80. Jessie Fleming
Such is Jessie Fleming’s fledgling talent, the 19-year-old is already discussing the prospect of a move to Europe when she finishes her spell with UCLA Bruins in the USA, and she’ll have no shortage of admirers.
Incredibly, Fleming made her international debut for Canada at just 15 and is already approaching her 50th cap, despite still being a teenager.
Unsurprisingly, Fleming’s form for the Bruins throughout 2017 has left her as a finalist for the coveted MAC Hermann trophy, an award won previously by the likes of Crystal Dunn, Christen Press, Christine Sinclair and Mia Hamm.
Fleming’s NCAA season ended with defeat in the final to Stanford, but there are few youngsters in world football now more exciting than Fleming.
John Herdman, Canada national team head coach says:
“Jessie has sort of broke the mold and moving away from that traditional Canadian player. The challenge we’ve extended her is to put a new marker down for the standard of midfield player and she’s really doing that. She’s learned how to manage a strong midfield like the US, she’s just flourishing. Her vision and awareness is as good as I’ve seen, her touch is so delicate and her agility is brilliant, midfielders don’t get near her.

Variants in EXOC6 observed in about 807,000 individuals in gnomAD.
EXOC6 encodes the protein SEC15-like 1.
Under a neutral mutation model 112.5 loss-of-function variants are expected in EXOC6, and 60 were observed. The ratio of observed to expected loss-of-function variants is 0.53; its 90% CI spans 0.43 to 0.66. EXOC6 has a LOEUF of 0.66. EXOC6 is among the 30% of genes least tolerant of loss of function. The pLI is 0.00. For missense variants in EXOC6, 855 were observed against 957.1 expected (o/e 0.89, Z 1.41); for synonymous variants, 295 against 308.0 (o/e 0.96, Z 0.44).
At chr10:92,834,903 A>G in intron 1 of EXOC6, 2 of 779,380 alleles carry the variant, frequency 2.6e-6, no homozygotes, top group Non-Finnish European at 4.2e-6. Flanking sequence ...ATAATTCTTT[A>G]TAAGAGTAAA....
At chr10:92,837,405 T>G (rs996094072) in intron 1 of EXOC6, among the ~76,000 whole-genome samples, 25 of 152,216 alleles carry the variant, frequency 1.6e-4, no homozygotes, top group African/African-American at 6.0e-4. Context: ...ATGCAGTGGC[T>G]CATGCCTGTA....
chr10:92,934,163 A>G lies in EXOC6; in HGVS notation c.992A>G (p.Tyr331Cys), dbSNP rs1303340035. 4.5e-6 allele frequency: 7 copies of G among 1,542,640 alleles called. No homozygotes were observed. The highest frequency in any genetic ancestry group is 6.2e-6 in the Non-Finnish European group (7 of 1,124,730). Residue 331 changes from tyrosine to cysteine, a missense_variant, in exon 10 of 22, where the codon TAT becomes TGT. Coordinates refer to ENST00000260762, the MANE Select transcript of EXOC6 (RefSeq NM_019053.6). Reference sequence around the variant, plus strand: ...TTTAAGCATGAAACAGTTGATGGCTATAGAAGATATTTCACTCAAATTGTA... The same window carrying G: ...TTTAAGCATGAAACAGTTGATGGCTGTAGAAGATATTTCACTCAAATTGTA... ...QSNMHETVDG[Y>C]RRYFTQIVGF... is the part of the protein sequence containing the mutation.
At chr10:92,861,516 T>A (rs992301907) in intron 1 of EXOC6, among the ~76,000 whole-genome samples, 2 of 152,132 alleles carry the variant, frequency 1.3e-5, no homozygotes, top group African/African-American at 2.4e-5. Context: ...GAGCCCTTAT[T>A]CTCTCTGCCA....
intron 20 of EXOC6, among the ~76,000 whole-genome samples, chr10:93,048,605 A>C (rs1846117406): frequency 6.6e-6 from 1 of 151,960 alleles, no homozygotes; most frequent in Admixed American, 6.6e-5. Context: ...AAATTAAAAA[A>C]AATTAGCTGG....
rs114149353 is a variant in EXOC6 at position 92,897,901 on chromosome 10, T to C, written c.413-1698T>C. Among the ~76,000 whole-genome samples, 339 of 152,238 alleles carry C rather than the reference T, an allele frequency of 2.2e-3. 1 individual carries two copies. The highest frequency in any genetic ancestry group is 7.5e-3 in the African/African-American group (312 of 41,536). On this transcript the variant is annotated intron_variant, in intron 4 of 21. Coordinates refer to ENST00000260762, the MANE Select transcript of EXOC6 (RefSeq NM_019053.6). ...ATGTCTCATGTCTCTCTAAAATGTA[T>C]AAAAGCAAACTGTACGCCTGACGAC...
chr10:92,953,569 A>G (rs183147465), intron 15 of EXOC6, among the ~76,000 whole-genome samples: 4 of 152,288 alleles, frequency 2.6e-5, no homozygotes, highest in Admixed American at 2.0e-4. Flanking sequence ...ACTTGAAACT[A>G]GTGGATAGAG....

“The closest thing I’ve seen to her in the game is probably Kim Little, we needed one of those players in our midfield and Jessie’s become that for us. The advice I’ve given to Jessie about her future is to be really diligent about the preparation that goes into picking the right environment. Be really, really clear about which players in the world you want to play with, which players will take you forward and which will take your game to the next level.”
Amanda Cromwell, UCLA Bruins women’s soccer head coach says:
“Jessie’s work-rate and ability to dictate play is unmatched. She truly is the definition of a box to box midfielder. Her movement off the ball puts her in a different class tactically and she has the ability to score the game-winner when the match is on the line.”